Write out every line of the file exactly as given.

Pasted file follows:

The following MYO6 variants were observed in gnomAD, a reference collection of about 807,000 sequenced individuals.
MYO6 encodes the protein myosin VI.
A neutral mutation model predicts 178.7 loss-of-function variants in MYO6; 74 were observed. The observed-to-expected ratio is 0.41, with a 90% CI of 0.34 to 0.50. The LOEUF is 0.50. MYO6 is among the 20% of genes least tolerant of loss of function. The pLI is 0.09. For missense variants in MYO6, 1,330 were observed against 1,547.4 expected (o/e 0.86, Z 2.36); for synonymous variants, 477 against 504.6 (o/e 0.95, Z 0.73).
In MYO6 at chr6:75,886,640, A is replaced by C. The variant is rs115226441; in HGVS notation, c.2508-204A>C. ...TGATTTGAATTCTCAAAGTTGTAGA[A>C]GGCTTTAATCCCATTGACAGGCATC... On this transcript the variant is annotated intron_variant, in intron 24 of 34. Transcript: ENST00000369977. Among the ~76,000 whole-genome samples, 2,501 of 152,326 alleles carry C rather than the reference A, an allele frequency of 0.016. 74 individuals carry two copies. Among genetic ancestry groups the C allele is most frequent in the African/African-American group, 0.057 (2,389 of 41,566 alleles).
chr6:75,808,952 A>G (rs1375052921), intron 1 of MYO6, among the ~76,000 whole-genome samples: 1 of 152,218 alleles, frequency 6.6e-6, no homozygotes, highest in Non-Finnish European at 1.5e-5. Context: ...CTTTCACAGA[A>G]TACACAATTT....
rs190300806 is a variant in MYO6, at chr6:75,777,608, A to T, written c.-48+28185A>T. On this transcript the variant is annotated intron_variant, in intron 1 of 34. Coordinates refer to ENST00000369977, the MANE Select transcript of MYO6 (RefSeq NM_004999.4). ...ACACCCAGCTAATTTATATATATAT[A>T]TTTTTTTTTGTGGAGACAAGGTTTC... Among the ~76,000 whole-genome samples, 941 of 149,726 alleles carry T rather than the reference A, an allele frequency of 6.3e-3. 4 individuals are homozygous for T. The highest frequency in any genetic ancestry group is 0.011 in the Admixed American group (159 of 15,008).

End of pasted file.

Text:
The following MYO6 variants were observed in gnomAD, a reference collection of about 807,000 sequenced individuals.
MYO6 encodes the protein myosin VI.
A neutral mutation model predicts 178.7 loss-of-function variants in MYO6; 74 were observed. The observed-to-expected ratio is 0.41, with a 90% CI of 0.34 to 0.50. The LOEUF is 0.50. MYO6 is among the 20% of genes least tolerant of loss of function. The pLI is 0.09. For missense variants in MYO6, 1,330 were observed against 1,547.4 expected (o/e 0.86, Z 2.36); for synonymous variants, 477 against 504.6 (o/e 0.95, Z 0.73).
In MYO6 at chr6:75,886,640, A is replaced by C. The variant is rs115226441; in HGVS notation, c.2508-204A>C. ...TGATTTGAATTCTCAAAGTTGTAGA[A>C]GGCTTTAATCCCATTGACAGGCATC... On this transcript the variant is annotated intron_variant, in intron 24 of 34. Transcript: ENST00000369977. Among the ~76,000 whole-genome samples, 2,501 of 152,326 alleles carry C rather than the reference A, an allele frequency of 0.016. 74 individuals carry two copies. Among genetic ancestry groups the C allele is most frequent in the African/African-American group, 0.057 (2,389 of 41,566 alleles).
chr6:75,808,952 A>G (rs1375052921), intron 1 of MYO6, among the ~76,000 whole-genome samples: 1 of 152,218 alleles, frequency 6.6e-6, no homozygotes, highest in Non-Finnish European at 1.5e-5. Context: ...CTTTCACAGA[A>G]TACACAATTT....
rs190300806 is a variant in MYO6, at chr6:75,777,608, A to T, written c.-48+28185A>T. On this transcript the variant is annotated intron_variant, in intron 1 of 34. Coordinates refer to ENST00000369977, the MANE Select transcript of MYO6 (RefSeq NM_004999.4). ...ACACCCAGCTAATTTATATATATAT[A>T]TTTTTTTTTGTGGAGACAAGGTTTC... Among the ~76,000 whole-genome samples, 941 of 149,726 alleles carry T rather than the reference A, an allele frequency of 6.3e-3. 4 individuals are homozygous for T. The highest frequency in any genetic ancestry group is 0.011 in the Admixed American group (159 of 15,008).